TikTok

Chinese App TikTok Takes Over Students’ Lives

Senior Virginia Hobbs (second from left) watches in disgust as (L-R) junior Hanna Vincent, senior Jordan Upchurch and sophomore Margo Kaye film a TikTok. Photo: Megan Hardesty

Have you noticed your friends filming themselves while dancing and lip-synching at school? Your peers are just a small fraction of the 500 million active TikTok users worldwide.

The creators of TikTok describe the app as “the leading destination for short-form mobile video.” These short videos can be up to 60 seconds, and the user can either create their own sound or select an audio that is already on the app. The user can then either dance to a song or create small, skit-like videos using sounds, text or other special effects.

Recently there has been much in the media with regard to the Chinese company, Bytedance, that owns the app. Many U.S. users have been worried that the Chinese government is involved with the censorship of the app.

However, the company has rejected these claims saying, “Let us be very clear: TikTok does not remove content based on sensitivities related to China. We have never been asked by the Chinese government to remove any content and we would not do so if asked.” Bytedance, according to bbc.com, is worth around 75 billion dollars and owns other social media apps. Although owned by a Chinese-based company, TikTok has no offices in China.

As of right now, even if there are no dangers due to alleged interference by the Chinese government, there are still privacy issues that users should be aware of. As soon as you create an account, TikTok has access to your contacts and any other information you have released through apps on your device. “We automatically collect certain information from you when you use the platform, including your IP address, location-related data, unique device identifiers, browsing history… mobile carrier, time zone setting, and mobile or device information,” says the company on its website. 

Despite this, many Pace students are active users of the app and enjoy either making or watching the short videos. One student, junior Matthew Cleveland, has gained recognition on the app, with a couple of his videos receiving between 28 and 68 thousand likes. Cleveland currently has 15.8 thousand followers.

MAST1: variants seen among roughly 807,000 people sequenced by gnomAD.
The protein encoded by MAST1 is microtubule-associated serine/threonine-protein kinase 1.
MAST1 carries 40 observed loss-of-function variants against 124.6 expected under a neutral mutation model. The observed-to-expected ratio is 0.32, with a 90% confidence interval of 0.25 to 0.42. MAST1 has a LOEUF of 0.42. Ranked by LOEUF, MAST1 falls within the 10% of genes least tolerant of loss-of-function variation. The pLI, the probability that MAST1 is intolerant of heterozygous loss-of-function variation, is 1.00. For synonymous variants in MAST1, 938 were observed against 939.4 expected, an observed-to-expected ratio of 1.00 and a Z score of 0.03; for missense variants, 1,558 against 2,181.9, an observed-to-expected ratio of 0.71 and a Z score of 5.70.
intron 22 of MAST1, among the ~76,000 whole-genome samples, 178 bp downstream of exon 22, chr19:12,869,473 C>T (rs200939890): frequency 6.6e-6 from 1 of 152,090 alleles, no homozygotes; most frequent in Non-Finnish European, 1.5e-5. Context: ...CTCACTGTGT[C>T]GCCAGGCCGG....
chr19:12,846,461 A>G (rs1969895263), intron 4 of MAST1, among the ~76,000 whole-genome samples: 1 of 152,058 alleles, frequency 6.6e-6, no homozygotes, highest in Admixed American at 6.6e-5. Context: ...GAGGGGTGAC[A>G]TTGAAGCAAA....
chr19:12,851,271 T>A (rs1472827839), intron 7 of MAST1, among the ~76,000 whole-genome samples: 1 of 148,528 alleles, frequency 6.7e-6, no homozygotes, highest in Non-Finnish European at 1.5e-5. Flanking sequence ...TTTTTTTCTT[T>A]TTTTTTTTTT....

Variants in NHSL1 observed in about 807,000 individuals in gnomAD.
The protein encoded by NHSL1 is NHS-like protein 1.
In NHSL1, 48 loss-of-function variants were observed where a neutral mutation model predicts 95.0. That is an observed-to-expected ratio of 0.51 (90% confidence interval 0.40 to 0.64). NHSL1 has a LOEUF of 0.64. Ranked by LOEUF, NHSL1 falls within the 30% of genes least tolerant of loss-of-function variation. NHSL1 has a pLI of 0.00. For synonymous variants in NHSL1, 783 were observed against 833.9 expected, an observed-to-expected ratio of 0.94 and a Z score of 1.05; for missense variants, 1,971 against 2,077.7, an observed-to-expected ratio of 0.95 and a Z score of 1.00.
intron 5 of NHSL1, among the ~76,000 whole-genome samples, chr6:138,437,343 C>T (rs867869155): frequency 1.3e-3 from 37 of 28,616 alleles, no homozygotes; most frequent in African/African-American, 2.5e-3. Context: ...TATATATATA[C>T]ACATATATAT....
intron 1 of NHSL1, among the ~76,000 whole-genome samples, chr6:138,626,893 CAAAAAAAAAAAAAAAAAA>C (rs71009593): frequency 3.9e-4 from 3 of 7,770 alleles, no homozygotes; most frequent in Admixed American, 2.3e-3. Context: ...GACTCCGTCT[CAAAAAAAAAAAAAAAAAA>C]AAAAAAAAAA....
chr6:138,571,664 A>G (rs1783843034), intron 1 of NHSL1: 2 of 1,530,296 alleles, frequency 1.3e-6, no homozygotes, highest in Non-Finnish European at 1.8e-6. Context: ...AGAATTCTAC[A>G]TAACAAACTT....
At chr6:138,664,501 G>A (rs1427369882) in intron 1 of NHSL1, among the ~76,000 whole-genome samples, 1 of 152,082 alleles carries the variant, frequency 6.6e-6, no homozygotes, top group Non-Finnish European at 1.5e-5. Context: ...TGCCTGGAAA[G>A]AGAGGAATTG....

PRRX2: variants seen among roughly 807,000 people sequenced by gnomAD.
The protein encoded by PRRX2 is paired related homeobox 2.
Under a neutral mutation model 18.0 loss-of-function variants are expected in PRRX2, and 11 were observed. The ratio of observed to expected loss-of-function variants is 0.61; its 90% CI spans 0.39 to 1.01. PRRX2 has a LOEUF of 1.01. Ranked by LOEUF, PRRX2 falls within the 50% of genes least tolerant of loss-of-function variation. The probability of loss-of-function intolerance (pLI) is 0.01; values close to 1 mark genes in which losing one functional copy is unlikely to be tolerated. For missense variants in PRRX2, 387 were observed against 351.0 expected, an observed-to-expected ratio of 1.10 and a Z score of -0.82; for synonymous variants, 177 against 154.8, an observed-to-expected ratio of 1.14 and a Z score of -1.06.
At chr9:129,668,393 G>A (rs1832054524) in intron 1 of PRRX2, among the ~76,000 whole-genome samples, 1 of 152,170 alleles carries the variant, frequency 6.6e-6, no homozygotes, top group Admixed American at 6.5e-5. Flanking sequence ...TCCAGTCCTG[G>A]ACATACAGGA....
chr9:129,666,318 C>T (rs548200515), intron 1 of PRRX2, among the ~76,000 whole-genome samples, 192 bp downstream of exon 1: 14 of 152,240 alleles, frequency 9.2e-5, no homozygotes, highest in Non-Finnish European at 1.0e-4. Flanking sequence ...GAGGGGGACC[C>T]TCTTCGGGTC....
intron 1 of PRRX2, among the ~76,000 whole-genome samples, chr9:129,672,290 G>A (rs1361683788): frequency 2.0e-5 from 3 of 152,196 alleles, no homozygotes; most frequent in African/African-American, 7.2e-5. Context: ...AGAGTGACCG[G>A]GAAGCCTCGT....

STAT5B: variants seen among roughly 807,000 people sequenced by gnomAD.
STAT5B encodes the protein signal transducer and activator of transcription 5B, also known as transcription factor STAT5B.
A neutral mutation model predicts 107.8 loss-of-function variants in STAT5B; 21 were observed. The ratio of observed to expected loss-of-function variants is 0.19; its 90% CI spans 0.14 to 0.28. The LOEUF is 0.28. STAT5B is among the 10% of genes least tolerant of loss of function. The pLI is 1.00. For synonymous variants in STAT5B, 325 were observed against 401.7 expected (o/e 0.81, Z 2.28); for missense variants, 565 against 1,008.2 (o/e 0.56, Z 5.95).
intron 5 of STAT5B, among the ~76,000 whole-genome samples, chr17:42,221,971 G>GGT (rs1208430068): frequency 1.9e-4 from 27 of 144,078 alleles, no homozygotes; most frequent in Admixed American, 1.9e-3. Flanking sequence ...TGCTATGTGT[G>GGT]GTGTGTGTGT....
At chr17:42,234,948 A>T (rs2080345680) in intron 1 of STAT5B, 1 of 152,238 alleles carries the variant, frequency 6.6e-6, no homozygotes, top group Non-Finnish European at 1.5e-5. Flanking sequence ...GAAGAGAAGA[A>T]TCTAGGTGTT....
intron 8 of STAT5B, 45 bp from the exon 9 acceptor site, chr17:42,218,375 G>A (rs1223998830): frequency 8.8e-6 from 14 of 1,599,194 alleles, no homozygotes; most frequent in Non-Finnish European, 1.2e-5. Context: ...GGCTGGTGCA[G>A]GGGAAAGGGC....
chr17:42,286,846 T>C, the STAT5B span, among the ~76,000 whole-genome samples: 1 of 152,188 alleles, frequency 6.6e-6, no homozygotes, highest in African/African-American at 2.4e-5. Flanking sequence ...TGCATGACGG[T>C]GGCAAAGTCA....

I got famous from posting a video regarding what I hear about being good at basketball, and people just found it funny,” said Cleveland. “I like TikTok because it just allows you to be free and have a good time. It helps with stress and just makes you laugh.” Cleveland advises students who want to become “famous” on the app to “make funny and relatable videos.”

Other upper school students who find TikTok amusing spend a lot of time on the app per day. “I would say I spend about four hours a day on TikTok” said senior Dominique Turner. Sophomore Maggie Pope estimated that she spends about an hour a day on the app. “I think the app is entertaining, but it’s really easy to get distracted because I can never tell myself to stop scrolling,” said Pope. Cleveland estimates he spends about three hours a day on TikTok. 

Unlike these students, some dislike the app. “I think TikTok is one of the most embarrassing things to have happened to our generation,” said senior Virginia Hobbs. “Not only do you look like an idiot making them, but I am confused what makes people think others want to watch them awkwardly dance in the Commons to a song.” Hobbs is also frustrated with the idea of people becoming famous by doing something that requires such little skill.

Even Cleveland admits that TikTok can be a distraction at Pace. “I think it’s somewhat of a problem because anywhere you go in school you either hear or see people on TikTok,” he said.


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